The surest factor in accelerating the development of a universal lifestyle is the spread of the English language including english to italian.
If English becomes the main language of communication, then the consequences are obvious: the cultures of the English-speaking countries will dominate the world.
English becomes the world’s first universal language. It is the native language of 500 million people in 12 countries around the world. This is much less than the roughly 900 million Mandarin Chinese speakers.
But another 600 million speak English as a second language. And several hundred million more have some knowledge of the English language, which has an official or semi-official status in about 68 countries. While there may be as many different dialects of Chinese as there are English speakers, English is undeniably more geographically widespread, indeed more versatile than Chinese. And its use is growing at an amazing rate.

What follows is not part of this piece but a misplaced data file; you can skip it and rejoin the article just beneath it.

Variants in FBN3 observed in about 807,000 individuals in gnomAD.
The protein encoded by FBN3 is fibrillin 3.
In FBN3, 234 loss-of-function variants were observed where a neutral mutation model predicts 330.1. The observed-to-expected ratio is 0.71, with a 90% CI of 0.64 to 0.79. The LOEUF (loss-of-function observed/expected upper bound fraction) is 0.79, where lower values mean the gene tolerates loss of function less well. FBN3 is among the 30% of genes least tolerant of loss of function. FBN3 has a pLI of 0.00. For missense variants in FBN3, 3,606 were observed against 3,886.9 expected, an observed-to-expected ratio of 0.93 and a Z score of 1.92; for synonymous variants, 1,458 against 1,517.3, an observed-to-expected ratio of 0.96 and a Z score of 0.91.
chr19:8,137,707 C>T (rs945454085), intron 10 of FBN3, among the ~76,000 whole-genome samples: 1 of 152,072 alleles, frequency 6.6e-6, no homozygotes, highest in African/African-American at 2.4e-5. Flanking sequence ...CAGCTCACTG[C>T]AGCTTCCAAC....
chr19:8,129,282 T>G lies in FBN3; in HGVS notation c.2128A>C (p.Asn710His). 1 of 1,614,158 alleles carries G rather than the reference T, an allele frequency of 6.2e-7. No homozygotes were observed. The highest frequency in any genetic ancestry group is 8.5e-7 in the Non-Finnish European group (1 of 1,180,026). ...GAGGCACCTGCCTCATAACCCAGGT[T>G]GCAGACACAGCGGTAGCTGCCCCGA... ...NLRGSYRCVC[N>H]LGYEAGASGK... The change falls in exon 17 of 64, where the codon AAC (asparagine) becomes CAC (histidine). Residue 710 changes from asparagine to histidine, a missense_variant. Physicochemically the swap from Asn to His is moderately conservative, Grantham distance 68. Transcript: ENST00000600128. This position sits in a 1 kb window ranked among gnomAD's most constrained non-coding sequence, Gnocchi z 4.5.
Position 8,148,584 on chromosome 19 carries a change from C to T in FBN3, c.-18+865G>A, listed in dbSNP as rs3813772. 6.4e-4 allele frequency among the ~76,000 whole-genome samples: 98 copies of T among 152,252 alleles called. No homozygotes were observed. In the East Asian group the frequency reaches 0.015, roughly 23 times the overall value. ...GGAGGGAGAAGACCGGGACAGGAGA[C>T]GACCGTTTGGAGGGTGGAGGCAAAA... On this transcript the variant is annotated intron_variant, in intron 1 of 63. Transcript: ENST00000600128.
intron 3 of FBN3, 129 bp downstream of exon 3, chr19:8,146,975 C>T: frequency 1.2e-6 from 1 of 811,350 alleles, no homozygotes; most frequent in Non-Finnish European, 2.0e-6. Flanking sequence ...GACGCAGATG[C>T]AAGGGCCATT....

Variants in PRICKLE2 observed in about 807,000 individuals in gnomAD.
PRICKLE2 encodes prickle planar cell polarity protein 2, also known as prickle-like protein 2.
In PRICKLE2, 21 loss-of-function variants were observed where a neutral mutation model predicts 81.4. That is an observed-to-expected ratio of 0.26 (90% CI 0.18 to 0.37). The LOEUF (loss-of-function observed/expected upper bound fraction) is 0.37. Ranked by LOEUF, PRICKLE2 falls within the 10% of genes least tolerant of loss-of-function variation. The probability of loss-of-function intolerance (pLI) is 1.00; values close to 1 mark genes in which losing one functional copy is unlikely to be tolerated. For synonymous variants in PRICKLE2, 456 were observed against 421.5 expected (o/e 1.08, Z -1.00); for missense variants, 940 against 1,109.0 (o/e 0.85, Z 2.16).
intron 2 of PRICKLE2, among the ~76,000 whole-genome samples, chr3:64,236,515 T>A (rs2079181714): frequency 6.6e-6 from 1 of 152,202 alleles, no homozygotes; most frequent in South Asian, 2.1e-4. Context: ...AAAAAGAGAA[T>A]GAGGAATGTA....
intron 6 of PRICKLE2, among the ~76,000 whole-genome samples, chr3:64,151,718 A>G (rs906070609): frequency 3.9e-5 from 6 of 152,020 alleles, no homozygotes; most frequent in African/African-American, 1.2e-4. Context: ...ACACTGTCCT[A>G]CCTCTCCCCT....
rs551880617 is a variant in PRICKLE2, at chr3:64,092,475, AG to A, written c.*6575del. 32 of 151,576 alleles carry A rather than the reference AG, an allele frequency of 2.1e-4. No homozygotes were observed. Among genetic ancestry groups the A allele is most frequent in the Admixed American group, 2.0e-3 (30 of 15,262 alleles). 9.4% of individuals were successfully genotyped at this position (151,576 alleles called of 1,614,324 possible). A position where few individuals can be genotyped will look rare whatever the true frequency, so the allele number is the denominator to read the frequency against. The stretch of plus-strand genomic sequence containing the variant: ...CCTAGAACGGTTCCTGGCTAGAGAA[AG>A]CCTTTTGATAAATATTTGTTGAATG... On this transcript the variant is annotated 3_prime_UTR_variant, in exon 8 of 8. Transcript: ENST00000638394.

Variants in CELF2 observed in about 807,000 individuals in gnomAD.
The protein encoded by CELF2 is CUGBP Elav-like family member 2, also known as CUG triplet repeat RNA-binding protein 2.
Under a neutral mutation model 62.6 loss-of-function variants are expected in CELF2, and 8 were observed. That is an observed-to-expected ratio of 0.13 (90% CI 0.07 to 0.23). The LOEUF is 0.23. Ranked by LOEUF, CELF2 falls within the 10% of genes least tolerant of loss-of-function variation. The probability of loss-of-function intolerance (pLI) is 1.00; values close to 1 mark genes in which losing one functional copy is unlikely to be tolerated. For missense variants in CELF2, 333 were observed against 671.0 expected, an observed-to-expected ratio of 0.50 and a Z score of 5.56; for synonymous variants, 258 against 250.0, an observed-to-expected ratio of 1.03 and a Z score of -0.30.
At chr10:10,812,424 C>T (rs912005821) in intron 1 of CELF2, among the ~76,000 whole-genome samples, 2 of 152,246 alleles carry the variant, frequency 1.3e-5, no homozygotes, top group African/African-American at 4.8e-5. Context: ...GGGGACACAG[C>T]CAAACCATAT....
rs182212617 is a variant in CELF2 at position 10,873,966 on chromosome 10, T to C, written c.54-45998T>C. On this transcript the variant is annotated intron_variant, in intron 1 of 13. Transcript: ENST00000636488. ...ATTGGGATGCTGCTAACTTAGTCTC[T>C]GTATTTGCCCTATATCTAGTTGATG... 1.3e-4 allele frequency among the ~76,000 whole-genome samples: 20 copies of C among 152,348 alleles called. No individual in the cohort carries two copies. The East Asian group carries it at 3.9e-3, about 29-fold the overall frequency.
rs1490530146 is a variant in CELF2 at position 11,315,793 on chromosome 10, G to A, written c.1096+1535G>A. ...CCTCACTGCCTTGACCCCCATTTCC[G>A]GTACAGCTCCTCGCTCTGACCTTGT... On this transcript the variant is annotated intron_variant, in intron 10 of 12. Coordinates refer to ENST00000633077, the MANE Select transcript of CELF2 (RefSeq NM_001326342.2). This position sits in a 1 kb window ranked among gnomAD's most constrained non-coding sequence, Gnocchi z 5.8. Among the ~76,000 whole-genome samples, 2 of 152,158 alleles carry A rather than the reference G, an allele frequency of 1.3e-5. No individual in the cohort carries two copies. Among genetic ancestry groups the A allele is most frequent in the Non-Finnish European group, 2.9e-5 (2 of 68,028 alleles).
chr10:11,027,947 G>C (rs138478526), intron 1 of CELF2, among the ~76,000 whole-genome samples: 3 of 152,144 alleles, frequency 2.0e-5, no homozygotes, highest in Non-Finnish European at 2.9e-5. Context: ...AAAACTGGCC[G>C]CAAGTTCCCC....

There are approximately 1.5 billion English speakers in the world today.
As the most taught language, English does not replace other languages, but complements them.
– 300 million Chinese – more than the entire population of the United States – are learning English.
– In 90 countries, English is either a second language or is widely studied.
– In France, in public secondary schools, students are required to study English or German for four years, the majority – at least 85% – choose English.
– In Japan, students must study English for six years before graduating from high school.
In Russia, where the study of foreign languages is compulsory for children, most of them learn English. In Norway, Sweden and Denmark, they must study English. Of all European countries, excluding Great Britain, Holland is in first place in terms of the number of people who speak English. Since Portugal joined the European Community, the demand for English lessons has replaced the demand for French lessons.
“There is a general hunger for materials and technology in English on the part of students, young professionals, educators, business people and government officials in most countries,” said Charles Wick, former director of the United States Information Agency (USIA).